Prominent Black People are doing more harm than good regarding Hurricane Katrina.

I’ve been watching a lot of news coverage regarding the events and the pathetic response by Bush and the cronies he appointed at the top of FEMA. Every few moments you keep seeing someone like Jesse Jackson, Kanye West or another famous (and in most cases respected) black person basically screaming that the screw ups here are all about race.

Personally I think this is bullshit. While I agree that there is a racial component to this, and that the media has be guilty of making offhanded, subtly racist things, I don’t believe that race played a role in how poorly the disaster was handled.

What did play a role is the fact that these people are poor.

Many people in the south were utterly and totally screwed over. In New Orleans the vast majority of those faces are black. However, there’s a huge number of helpless and ignored people in Mississippi and the outlying portions of New Orleans that are white. There were many hundreds of thousands of poor white people displaced and ignored as well.

The fact that New Orleans is the famous place and that it is where the media is has been mostly reporting from is what makes it look like black people were the one’s left on their own. There was nothing racist in the poor planning and effectiviness of the reaction.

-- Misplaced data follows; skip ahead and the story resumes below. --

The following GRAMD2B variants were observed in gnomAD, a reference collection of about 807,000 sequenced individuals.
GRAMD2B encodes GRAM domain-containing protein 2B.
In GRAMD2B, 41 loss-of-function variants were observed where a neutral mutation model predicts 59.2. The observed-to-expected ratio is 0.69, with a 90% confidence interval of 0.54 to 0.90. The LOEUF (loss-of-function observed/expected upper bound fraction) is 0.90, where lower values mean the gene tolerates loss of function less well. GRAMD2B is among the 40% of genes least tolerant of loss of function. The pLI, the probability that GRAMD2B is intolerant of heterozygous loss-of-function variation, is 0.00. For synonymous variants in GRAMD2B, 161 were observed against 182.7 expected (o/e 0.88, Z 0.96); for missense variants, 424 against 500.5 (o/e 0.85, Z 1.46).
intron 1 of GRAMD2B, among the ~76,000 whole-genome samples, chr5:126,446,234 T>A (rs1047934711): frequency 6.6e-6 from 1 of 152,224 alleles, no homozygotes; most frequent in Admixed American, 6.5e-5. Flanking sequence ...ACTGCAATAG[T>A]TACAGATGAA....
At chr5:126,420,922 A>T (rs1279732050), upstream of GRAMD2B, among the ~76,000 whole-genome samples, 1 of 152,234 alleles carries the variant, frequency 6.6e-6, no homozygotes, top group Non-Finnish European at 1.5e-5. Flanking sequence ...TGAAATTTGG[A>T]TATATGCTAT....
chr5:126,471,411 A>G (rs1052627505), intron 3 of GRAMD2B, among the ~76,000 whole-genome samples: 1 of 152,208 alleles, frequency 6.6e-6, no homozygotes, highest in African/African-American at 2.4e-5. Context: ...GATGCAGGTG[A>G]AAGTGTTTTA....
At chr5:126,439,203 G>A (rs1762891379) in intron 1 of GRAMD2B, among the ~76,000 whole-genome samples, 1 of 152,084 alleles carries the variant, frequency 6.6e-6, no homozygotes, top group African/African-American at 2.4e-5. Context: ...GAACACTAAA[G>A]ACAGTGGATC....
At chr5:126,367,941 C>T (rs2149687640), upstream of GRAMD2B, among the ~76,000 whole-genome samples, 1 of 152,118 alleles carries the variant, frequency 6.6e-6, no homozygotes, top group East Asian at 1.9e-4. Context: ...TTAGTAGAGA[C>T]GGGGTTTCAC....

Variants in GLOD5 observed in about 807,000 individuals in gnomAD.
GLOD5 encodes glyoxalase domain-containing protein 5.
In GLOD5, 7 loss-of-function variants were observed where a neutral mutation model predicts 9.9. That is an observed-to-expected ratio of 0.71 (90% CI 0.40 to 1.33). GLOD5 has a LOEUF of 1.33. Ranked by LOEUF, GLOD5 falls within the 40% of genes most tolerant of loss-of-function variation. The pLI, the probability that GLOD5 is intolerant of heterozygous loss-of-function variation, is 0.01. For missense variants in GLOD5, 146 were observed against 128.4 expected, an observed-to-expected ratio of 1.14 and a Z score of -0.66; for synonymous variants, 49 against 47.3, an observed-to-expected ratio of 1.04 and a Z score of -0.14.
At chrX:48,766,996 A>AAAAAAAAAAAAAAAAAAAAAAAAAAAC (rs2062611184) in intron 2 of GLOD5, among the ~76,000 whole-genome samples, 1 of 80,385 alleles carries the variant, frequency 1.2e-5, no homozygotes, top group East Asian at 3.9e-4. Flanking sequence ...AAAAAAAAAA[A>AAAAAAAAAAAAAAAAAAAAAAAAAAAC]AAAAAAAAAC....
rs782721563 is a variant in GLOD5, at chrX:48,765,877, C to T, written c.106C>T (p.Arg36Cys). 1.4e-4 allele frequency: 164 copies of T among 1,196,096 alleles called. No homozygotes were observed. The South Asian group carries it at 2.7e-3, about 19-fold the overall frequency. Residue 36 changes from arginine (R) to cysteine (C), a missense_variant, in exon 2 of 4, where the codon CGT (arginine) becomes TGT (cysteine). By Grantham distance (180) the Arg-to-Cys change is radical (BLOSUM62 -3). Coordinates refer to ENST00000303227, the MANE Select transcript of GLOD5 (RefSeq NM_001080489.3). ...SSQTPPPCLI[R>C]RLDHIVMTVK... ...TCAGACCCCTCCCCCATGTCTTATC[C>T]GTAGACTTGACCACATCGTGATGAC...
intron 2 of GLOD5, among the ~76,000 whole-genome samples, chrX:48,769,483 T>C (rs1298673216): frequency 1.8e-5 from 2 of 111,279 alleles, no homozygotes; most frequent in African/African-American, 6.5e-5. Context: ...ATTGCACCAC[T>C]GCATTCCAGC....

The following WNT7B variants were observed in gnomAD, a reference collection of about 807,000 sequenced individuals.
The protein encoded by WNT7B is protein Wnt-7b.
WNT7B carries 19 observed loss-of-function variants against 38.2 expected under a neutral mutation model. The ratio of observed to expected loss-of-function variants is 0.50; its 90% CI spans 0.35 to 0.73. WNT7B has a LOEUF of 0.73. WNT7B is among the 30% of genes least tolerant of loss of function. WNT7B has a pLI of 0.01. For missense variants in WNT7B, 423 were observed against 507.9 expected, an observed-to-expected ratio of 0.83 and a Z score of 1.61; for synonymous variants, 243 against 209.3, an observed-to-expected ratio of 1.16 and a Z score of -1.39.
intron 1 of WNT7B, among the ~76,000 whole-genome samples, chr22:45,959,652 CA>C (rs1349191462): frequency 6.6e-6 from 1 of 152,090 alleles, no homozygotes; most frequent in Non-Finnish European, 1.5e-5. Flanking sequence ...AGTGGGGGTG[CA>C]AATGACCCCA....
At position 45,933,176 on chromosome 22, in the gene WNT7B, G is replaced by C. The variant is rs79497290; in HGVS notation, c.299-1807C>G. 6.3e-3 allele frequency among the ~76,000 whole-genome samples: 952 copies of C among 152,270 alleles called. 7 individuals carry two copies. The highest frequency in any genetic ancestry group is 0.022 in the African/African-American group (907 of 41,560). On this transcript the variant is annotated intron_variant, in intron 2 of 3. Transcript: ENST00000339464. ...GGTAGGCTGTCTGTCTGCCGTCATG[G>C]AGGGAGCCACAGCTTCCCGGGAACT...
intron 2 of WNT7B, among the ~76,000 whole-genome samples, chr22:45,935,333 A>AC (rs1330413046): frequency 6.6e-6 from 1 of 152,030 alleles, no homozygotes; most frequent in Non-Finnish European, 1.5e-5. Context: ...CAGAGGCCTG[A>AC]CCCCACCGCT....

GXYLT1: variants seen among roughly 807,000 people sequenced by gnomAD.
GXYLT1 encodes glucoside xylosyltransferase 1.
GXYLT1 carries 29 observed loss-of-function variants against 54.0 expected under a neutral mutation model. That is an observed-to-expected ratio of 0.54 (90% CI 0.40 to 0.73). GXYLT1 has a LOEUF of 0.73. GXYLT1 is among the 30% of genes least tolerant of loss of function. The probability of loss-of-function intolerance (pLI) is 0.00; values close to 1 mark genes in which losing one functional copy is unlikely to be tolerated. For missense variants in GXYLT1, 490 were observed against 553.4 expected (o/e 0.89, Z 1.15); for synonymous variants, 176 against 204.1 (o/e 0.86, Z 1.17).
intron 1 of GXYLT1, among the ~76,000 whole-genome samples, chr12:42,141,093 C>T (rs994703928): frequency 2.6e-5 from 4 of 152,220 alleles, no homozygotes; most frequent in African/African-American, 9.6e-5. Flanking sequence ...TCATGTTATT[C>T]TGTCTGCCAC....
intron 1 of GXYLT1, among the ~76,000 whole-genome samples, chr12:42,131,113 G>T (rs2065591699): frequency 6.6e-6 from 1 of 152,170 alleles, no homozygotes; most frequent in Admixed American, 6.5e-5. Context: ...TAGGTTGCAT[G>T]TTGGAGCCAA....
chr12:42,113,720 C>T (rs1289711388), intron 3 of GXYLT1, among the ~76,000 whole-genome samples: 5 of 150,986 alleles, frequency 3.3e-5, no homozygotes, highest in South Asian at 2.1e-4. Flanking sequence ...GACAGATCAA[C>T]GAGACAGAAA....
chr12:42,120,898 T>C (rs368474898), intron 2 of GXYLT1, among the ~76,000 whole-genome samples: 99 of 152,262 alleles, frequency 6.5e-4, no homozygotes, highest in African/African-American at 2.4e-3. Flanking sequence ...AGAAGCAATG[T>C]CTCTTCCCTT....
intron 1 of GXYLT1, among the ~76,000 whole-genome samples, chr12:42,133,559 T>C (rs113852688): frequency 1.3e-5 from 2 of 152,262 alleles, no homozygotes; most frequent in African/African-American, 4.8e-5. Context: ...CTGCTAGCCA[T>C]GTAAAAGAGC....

By constantly screaming that Bush hates blacks, and that if these had been white people they’d have sent food, they are basically losing credibility and alienating many of the people who would be on their side.

This should be an indictment on Bush’s policies against the poor and in favor of the rish and connected. By making it about race, you’re giving him an easy political out. By making this about race they are diverting attention from the fact that unqualified people were appointed at the top of FEMA and Homeland security. They are diverting attention away from the fact that too much of our National Guard is in Iraq and Afganistan. By screaming about race they are diverting attention from the fact that the right marginalizes the poor and disenfranchised.

Everyone needs to make this about what it is, stupidity, incompetence, cronyism, and elitism. It’s not about race. It’s not to say that race hasn’t been a factor, and that the media hasn’t done some stupid things, but its probably about 12th on the list of things to be pissed about.

I agree 100% with you. Unfortunately, many of the poor people in NO were black, so that gives J. Jackson, A. Sharpton and their ilk a way to get their faces on your TV screen and in your newspaper.

Could someone please let Condi Rice know that Bush hates her?

But Condi’s rich.

You can’t blame some folks for believing that race was a factor when stuff like this happens:

I heard a black man made that happen. Someone named Nagin I believe.


Oh, for God’s sake. You honestly think there’s a debate here? You’ve made some logical premise here?

First you say

So you’ve listed two of the twelve million African Americans in this country. Care to make it four? Fifty?

Then you say

How do you reconcile the first and second sentence here?